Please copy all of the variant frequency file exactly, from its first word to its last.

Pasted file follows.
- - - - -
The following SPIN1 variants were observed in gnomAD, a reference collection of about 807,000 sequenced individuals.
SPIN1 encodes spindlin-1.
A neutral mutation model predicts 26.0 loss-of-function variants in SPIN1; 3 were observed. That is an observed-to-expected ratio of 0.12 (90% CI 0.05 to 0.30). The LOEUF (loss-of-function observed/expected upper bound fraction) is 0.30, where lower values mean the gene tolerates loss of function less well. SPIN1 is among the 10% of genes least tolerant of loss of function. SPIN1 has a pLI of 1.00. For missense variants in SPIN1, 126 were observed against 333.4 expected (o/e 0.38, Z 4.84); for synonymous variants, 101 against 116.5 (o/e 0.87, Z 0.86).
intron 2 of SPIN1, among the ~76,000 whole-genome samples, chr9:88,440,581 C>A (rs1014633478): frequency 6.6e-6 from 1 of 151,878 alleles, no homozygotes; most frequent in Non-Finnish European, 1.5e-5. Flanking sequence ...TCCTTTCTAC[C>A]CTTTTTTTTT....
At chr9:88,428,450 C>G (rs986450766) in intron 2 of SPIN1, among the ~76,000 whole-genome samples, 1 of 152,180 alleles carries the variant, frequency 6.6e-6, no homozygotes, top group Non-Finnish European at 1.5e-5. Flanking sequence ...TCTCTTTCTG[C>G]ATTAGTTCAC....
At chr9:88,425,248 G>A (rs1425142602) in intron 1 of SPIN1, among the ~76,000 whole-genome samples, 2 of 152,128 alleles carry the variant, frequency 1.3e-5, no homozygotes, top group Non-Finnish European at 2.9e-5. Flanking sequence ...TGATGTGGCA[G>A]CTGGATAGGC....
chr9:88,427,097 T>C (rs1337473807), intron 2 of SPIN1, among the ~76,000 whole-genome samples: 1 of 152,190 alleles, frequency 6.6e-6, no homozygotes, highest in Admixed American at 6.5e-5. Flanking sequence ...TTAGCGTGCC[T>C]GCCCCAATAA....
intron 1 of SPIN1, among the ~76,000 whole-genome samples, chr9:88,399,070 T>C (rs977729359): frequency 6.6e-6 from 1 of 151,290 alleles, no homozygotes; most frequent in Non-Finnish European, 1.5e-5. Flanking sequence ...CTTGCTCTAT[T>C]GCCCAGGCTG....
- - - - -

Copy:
The following SPIN1 variants were observed in gnomAD, a reference collection of about 807,000 sequenced individuals.
SPIN1 encodes spindlin-1.
A neutral mutation model predicts 26.0 loss-of-function variants in SPIN1; 3 were observed. That is an observed-to-expected ratio of 0.12 (90% CI 0.05 to 0.30). The LOEUF (loss-of-function observed/expected upper bound fraction) is 0.30, where lower values mean the gene tolerates loss of function less well. SPIN1 is among the 10% of genes least tolerant of loss of function. SPIN1 has a pLI of 1.00. For missense variants in SPIN1, 126 were observed against 333.4 expected (o/e 0.38, Z 4.84); for synonymous variants, 101 against 116.5 (o/e 0.87, Z 0.86).
intron 2 of SPIN1, among the ~76,000 whole-genome samples, chr9:88,440,581 C>A (rs1014633478): frequency 6.6e-6 from 1 of 151,878 alleles, no homozygotes; most frequent in Non-Finnish European, 1.5e-5. Flanking sequence ...TCCTTTCTAC[C>A]CTTTTTTTTT....
At chr9:88,428,450 C>G (rs986450766) in intron 2 of SPIN1, among the ~76,000 whole-genome samples, 1 of 152,180 alleles carries the variant, frequency 6.6e-6, no homozygotes, top group Non-Finnish European at 1.5e-5. Flanking sequence ...TCTCTTTCTG[C>G]ATTAGTTCAC....
At chr9:88,425,248 G>A (rs1425142602) in intron 1 of SPIN1, among the ~76,000 whole-genome samples, 2 of 152,128 alleles carry the variant, frequency 1.3e-5, no homozygotes, top group Non-Finnish European at 2.9e-5. Flanking sequence ...TGATGTGGCA[G>A]CTGGATAGGC....
chr9:88,427,097 T>C (rs1337473807), intron 2 of SPIN1, among the ~76,000 whole-genome samples: 1 of 152,190 alleles, frequency 6.6e-6, no homozygotes, highest in Admixed American at 6.5e-5. Flanking sequence ...TTAGCGTGCC[T>C]GCCCCAATAA....
intron 1 of SPIN1, among the ~76,000 whole-genome samples, chr9:88,399,070 T>C (rs977729359): frequency 6.6e-6 from 1 of 151,290 alleles, no homozygotes; most frequent in Non-Finnish European, 1.5e-5. Flanking sequence ...CTTGCTCTAT[T>C]GCCCAGGCTG....